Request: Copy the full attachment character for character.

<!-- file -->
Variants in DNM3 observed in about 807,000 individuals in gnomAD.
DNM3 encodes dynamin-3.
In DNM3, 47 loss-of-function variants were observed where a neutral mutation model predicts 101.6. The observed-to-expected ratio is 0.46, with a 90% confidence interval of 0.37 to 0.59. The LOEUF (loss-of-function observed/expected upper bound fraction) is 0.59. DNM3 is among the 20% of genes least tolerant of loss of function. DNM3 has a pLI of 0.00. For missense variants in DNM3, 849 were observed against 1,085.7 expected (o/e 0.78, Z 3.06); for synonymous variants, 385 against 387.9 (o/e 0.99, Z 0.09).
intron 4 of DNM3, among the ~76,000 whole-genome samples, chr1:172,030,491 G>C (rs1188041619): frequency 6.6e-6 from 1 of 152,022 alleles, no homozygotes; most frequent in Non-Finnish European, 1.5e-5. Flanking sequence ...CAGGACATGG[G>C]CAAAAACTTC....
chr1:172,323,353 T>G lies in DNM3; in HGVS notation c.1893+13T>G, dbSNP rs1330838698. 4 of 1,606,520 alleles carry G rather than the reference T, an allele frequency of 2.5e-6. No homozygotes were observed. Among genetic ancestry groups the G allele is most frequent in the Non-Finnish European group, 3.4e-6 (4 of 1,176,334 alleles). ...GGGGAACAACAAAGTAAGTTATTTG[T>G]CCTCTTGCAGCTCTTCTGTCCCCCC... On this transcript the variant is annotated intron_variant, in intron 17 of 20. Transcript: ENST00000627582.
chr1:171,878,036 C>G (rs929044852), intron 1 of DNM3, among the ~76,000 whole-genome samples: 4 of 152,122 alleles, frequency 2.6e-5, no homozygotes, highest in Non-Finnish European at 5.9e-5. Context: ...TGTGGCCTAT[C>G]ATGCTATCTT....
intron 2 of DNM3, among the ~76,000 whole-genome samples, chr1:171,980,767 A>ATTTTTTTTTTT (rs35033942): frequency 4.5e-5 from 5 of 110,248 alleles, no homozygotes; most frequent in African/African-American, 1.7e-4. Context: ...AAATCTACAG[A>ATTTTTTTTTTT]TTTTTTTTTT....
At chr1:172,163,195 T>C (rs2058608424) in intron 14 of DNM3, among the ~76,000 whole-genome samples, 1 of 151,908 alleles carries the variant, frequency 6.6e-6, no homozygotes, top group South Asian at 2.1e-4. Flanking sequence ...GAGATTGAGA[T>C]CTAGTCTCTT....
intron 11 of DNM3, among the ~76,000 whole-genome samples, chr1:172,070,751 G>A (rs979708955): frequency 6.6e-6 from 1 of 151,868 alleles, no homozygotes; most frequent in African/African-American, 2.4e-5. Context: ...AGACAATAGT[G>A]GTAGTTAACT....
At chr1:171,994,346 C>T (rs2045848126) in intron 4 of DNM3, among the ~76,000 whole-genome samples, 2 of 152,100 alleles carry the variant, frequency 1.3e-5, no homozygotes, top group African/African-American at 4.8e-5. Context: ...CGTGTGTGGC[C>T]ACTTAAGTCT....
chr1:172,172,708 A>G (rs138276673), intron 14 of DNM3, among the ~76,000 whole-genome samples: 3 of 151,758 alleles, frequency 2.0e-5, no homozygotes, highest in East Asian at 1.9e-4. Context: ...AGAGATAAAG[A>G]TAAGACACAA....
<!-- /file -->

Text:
Variants in DNM3 observed in about 807,000 individuals in gnomAD.
DNM3 encodes dynamin-3.
In DNM3, 47 loss-of-function variants were observed where a neutral mutation model predicts 101.6. The observed-to-expected ratio is 0.46, with a 90% confidence interval of 0.37 to 0.59. The LOEUF (loss-of-function observed/expected upper bound fraction) is 0.59. DNM3 is among the 20% of genes least tolerant of loss of function. DNM3 has a pLI of 0.00. For missense variants in DNM3, 849 were observed against 1,085.7 expected (o/e 0.78, Z 3.06); for synonymous variants, 385 against 387.9 (o/e 0.99, Z 0.09).
intron 4 of DNM3, among the ~76,000 whole-genome samples, chr1:172,030,491 G>C (rs1188041619): frequency 6.6e-6 from 1 of 152,022 alleles, no homozygotes; most frequent in Non-Finnish European, 1.5e-5. Flanking sequence ...CAGGACATGG[G>C]CAAAAACTTC....
chr1:172,323,353 T>G lies in DNM3; in HGVS notation c.1893+13T>G, dbSNP rs1330838698. 4 of 1,606,520 alleles carry G rather than the reference T, an allele frequency of 2.5e-6. No homozygotes were observed. Among genetic ancestry groups the G allele is most frequent in the Non-Finnish European group, 3.4e-6 (4 of 1,176,334 alleles). ...GGGGAACAACAAAGTAAGTTATTTG[T>G]CCTCTTGCAGCTCTTCTGTCCCCCC... On this transcript the variant is annotated intron_variant, in intron 17 of 20. Transcript: ENST00000627582.
chr1:171,878,036 C>G (rs929044852), intron 1 of DNM3, among the ~76,000 whole-genome samples: 4 of 152,122 alleles, frequency 2.6e-5, no homozygotes, highest in Non-Finnish European at 5.9e-5. Context: ...TGTGGCCTAT[C>G]ATGCTATCTT....
intron 2 of DNM3, among the ~76,000 whole-genome samples, chr1:171,980,767 A>ATTTTTTTTTTT (rs35033942): frequency 4.5e-5 from 5 of 110,248 alleles, no homozygotes; most frequent in African/African-American, 1.7e-4. Context: ...AAATCTACAG[A>ATTTTTTTTTTT]TTTTTTTTTT....
At chr1:172,163,195 T>C (rs2058608424) in intron 14 of DNM3, among the ~76,000 whole-genome samples, 1 of 151,908 alleles carries the variant, frequency 6.6e-6, no homozygotes, top group South Asian at 2.1e-4. Flanking sequence ...GAGATTGAGA[T>C]CTAGTCTCTT....
intron 11 of DNM3, among the ~76,000 whole-genome samples, chr1:172,070,751 G>A (rs979708955): frequency 6.6e-6 from 1 of 151,868 alleles, no homozygotes; most frequent in African/African-American, 2.4e-5. Context: ...AGACAATAGT[G>A]GTAGTTAACT....
At chr1:171,994,346 C>T (rs2045848126) in intron 4 of DNM3, among the ~76,000 whole-genome samples, 2 of 152,100 alleles carry the variant, frequency 1.3e-5, no homozygotes, top group African/African-American at 4.8e-5. Context: ...CGTGTGTGGC[C>T]ACTTAAGTCT....
chr1:172,172,708 A>G (rs138276673), intron 14 of DNM3, among the ~76,000 whole-genome samples: 3 of 151,758 alleles, frequency 2.0e-5, no homozygotes, highest in East Asian at 1.9e-4. Context: ...AGAGATAAAG[A>G]TAAGACACAA....